The Corner

London’s Burning

They say everything old is new again, and that is certainly true of the British riots. The main areas of outbreak — Tottenham, Brixton, Toxteth in Liverpool — were scenes of similar riots and disorder in the 1980s and early ’90s. To that extent, they show how 14 years of Labour-party rule merely papered over the cracks in British society. And yet there is something very different about them too. As Brendan O’Neill of Spiked says, these riots have a different focus:

Painting these riots as some kind of action replay of historic political streetfights against capitalist bosses or racist cops might allow armchair radicals to get their intellectual rocks off, as they lift their noses from dusty tomes about the Levellers or the Suffragettes and fantasise that a political upheaval of equal worth is now occurring outside their windows. But such shameless projection misses what is new and peculiar and deeply worrying about these riots. The political context is not the cuts agenda or racist policing – it is the welfare state, which, it is now clear, has nurtured a new generation that has absolutely no sense of community spirit or social solidarity.

Brendan concludes, I think rightly, that these criminal outbursts are a “riotous expression of carelessness for one’s own community,” and that they are not expressions of working-class anger (Brendan is a Marxist, but a libertarian one). Meanwhile, the fastest-selling items on are batons and baseball bats, as people look to defend themselves and their property in the absence of an effective police.

Another left-wing friend of mine in the UK has another interesting theory — that the particular targeting of electronics and clothes shops represents an explosion of consumerism. Stay with me, because I think he has a point and I’d like to explain why. Much of the British underclass has had easy access to credit over the past decade or so — and why not, when they are on a secure income stream of state benefits — and they have spent this for the most part on TVs, video games, and “chav” fashion. That easy credit — which I should emphasize was encouraged by the loose monetary policy of Gordon Brown and Tony Blair — has now dried up, so they are looking to take for free what they previously got for nominal sums. There is more evidence for that conclusion in this BBC recording of two girls saying that the riots were about taking what they wanted, for free.

In all of this, my friend argues, “traditional working class values of thrift, self-help and neighbourhood have been replaced by a gesellschaft culture that turns all those traditional values on their head. Personal gain, self-interest and status are now the prime aspirations.” Again, I think he is right. The Left normally blames this on Margaret Thatcher, conveniently forgetting how often she exhorted exactly those values as the cornerstones of her belief and spoke about how (as Brendan demonstrates) they were under attack by the welfare state. Interestingly, as my friend noted, those values have been championed by the young urban (and predominantly leftist) middle class, who are literally sweeping the streets clean — so much so that the broom has become the unofficial symbol of resistance.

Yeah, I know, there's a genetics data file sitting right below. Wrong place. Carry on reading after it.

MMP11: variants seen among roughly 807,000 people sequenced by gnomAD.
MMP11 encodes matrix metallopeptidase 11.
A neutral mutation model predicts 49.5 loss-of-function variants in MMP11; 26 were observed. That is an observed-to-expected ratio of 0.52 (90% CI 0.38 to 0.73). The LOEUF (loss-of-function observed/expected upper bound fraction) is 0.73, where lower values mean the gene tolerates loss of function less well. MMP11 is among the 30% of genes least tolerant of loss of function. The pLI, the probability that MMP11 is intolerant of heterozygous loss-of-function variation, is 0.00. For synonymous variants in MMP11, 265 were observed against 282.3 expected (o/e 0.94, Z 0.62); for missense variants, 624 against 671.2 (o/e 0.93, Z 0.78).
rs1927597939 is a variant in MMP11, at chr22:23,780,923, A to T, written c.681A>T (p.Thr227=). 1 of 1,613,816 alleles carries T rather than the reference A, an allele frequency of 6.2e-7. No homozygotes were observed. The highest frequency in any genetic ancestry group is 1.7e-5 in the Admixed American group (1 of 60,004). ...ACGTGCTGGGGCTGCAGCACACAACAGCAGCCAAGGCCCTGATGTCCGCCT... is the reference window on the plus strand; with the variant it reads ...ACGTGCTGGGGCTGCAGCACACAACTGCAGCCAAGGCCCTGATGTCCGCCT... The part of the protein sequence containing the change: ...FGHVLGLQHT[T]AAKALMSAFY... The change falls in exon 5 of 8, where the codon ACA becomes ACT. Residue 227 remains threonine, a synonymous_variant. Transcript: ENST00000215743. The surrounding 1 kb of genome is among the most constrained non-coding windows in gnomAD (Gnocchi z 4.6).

In all of this I am reminded most strongly of Myron Magnet’s classic text The Dream And The Nightmare, in which he argues that the adoption of certain values by the upper classes in the 1960s wreaked havoc on the underclasses when they adopted them in turn. As this reviewer summarizes,

The principal core, dysfunctional values learned from the upper-middle class are unrestrained individualism and liberation from responsibilities. The liberal dream of the 1960s was that unrestrained individualism and a loosening of morals would lead to freer and better society. Instead of the “dream,” the 1990s turned into a “nightmare” for the underclass.

In other words, personal gain, self-obsession, and status — the philosophy of the libertine, rather than the libertarian.

I think what we are seeing in Britain is a conflation of two liberal dreams — that of the 1960s, in which parenting and tradition went out the window, and that of the 2000s, in which self-help was replaced by easy credit, benefits, and an all-mighty “health and safety” bureaucracy — together with the unfinished nature of the Thatcher revolution. Mrs. T enabled economic Thatcherism but was unable to finish the project of what I termed social Thatcherism, whereby a free society recognized the importance of what once were called manners.

The result is a feral underclass without any understanding of tradition from right or left. Which is why I think Michael is wrong and it is doubly important that the looters be confronted not with water cannon or the army, but by the firm hand of a police force unencumbered by constraints of political correctness or “elfnsafety.” Then Her Majesty’s Government should press ahead with the education reforms of my old friend Michael Gove, which are aimed in no small part at teaching children what Britain stands for.

However, for the children brought up in the late ’90s and 2000s, I fear all is lost. I shall leave it to wiser men than I to suggest what can be done for them.

— Iain Murray’s latest book is Stealing You Blind: How Government Fat Cats Are Getting Rich Off of You.


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